Do Elections Hurt Developing Economies?
43 Pages Posted: 18 Apr 2008 Last revised: 8 Jan 2009
Date Written: May 22, 2008
Political economists debate the existence of a political business cycle (PBCs), in which politicians stimulate the economy to improve their re-election chances, only to cause a post-election slowdown. For developing countries, scholars have found evidence of election-year policy tinkering. Yet beyond this tinkering, perhaps elections have other important consequences. I test whether elections produce the harmful economic effects predicted by PBC theory. Using quarterly data from 47 democracies from 1993-2004, I do not find any evidence of negative outcomes. Instead, there is an unexpected variance correlated with institutional design. Elections and economic outcomes appear to have no relationship in presidential systems, but a positive and statistically significant relationship in parliamentary systems. I argue that the absence of PBCs reflects the difficulty in triggering booms before elections in open economies.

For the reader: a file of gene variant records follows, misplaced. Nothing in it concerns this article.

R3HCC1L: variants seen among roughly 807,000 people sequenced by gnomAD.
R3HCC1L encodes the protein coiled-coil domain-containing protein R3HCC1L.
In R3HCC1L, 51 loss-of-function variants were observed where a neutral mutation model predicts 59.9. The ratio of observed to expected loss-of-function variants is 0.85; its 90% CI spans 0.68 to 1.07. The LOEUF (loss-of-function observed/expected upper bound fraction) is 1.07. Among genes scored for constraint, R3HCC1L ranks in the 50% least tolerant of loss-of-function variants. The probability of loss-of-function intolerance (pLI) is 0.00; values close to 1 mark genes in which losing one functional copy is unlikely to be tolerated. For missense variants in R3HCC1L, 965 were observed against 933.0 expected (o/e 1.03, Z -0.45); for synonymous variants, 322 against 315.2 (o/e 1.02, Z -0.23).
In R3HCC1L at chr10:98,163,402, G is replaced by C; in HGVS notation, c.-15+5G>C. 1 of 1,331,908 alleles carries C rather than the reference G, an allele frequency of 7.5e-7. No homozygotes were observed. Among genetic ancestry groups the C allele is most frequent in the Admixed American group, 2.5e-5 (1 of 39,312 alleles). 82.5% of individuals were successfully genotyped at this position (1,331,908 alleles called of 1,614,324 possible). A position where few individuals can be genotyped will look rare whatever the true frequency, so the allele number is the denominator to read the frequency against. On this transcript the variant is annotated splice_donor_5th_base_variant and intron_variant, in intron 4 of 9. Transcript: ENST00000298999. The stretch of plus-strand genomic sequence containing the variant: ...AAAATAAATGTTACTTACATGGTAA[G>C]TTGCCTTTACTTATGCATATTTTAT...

Keywords: political business cycles, developing countries, elections, political budget cycles, political economy
JEL Classification: E30, E32, E40, E50, E60, E62, E64, F20, O10, O11
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